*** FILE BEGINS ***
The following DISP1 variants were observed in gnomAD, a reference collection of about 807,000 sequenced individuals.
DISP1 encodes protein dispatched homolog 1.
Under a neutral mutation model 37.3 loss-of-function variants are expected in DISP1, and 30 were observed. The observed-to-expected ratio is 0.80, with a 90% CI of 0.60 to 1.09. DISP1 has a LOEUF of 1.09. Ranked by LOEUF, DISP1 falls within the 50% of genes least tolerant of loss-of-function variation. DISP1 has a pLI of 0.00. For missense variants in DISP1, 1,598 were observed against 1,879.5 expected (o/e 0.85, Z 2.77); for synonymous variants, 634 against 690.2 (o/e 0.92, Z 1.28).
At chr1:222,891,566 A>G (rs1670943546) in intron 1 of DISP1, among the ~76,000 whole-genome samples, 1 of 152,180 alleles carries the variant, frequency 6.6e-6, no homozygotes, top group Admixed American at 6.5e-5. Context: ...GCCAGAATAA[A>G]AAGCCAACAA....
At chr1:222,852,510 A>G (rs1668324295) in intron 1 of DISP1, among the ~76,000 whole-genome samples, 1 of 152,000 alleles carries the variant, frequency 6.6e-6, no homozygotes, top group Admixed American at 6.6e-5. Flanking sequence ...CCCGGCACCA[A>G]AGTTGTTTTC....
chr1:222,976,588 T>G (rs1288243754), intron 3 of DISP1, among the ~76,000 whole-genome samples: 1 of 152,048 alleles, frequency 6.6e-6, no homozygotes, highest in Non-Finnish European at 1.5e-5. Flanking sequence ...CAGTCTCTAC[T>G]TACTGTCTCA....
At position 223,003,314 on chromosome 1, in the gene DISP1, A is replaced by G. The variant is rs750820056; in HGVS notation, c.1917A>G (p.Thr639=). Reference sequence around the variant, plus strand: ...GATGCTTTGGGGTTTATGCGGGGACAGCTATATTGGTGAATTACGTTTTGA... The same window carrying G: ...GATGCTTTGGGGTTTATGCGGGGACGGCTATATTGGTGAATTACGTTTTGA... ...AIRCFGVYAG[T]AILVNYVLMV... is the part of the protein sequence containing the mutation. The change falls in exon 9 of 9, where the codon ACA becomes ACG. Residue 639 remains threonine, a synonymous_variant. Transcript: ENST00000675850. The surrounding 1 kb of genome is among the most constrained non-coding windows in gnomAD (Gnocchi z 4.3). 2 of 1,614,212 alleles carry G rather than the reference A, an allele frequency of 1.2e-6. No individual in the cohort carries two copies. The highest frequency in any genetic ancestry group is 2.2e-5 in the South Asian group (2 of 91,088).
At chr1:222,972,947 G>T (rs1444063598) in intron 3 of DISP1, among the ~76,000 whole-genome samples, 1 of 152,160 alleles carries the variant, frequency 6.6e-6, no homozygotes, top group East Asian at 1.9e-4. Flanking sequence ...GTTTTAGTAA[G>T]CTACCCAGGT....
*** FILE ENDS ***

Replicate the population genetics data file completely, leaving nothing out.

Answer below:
The following DISP1 variants were observed in gnomAD, a reference collection of about 807,000 sequenced individuals.
DISP1 encodes protein dispatched homolog 1.
Under a neutral mutation model 37.3 loss-of-function variants are expected in DISP1, and 30 were observed. The observed-to-expected ratio is 0.80, with a 90% CI of 0.60 to 1.09. DISP1 has a LOEUF of 1.09. Ranked by LOEUF, DISP1 falls within the 50% of genes least tolerant of loss-of-function variation. DISP1 has a pLI of 0.00. For missense variants in DISP1, 1,598 were observed against 1,879.5 expected (o/e 0.85, Z 2.77); for synonymous variants, 634 against 690.2 (o/e 0.92, Z 1.28).
At chr1:222,891,566 A>G (rs1670943546) in intron 1 of DISP1, among the ~76,000 whole-genome samples, 1 of 152,180 alleles carries the variant, frequency 6.6e-6, no homozygotes, top group Admixed American at 6.5e-5. Context: ...GCCAGAATAA[A>G]AAGCCAACAA....
At chr1:222,852,510 A>G (rs1668324295) in intron 1 of DISP1, among the ~76,000 whole-genome samples, 1 of 152,000 alleles carries the variant, frequency 6.6e-6, no homozygotes, top group Admixed American at 6.6e-5. Flanking sequence ...CCCGGCACCA[A>G]AGTTGTTTTC....
chr1:222,976,588 T>G (rs1288243754), intron 3 of DISP1, among the ~76,000 whole-genome samples: 1 of 152,048 alleles, frequency 6.6e-6, no homozygotes, highest in Non-Finnish European at 1.5e-5. Flanking sequence ...CAGTCTCTAC[T>G]TACTGTCTCA....
At position 223,003,314 on chromosome 1, in the gene DISP1, A is replaced by G. The variant is rs750820056; in HGVS notation, c.1917A>G (p.Thr639=). Reference sequence around the variant, plus strand: ...GATGCTTTGGGGTTTATGCGGGGACAGCTATATTGGTGAATTACGTTTTGA... The same window carrying G: ...GATGCTTTGGGGTTTATGCGGGGACGGCTATATTGGTGAATTACGTTTTGA... ...AIRCFGVYAG[T]AILVNYVLMV... is the part of the protein sequence containing the mutation. The change falls in exon 9 of 9, where the codon ACA becomes ACG. Residue 639 remains threonine, a synonymous_variant. Transcript: ENST00000675850. The surrounding 1 kb of genome is among the most constrained non-coding windows in gnomAD (Gnocchi z 4.3). 2 of 1,614,212 alleles carry G rather than the reference A, an allele frequency of 1.2e-6. No individual in the cohort carries two copies. The highest frequency in any genetic ancestry group is 2.2e-5 in the South Asian group (2 of 91,088).
At chr1:222,972,947 G>T (rs1444063598) in intron 3 of DISP1, among the ~76,000 whole-genome samples, 1 of 152,160 alleles carries the variant, frequency 6.6e-6, no homozygotes, top group East Asian at 1.9e-4. Flanking sequence ...GTTTTAGTAA[G>T]CTACCCAGGT....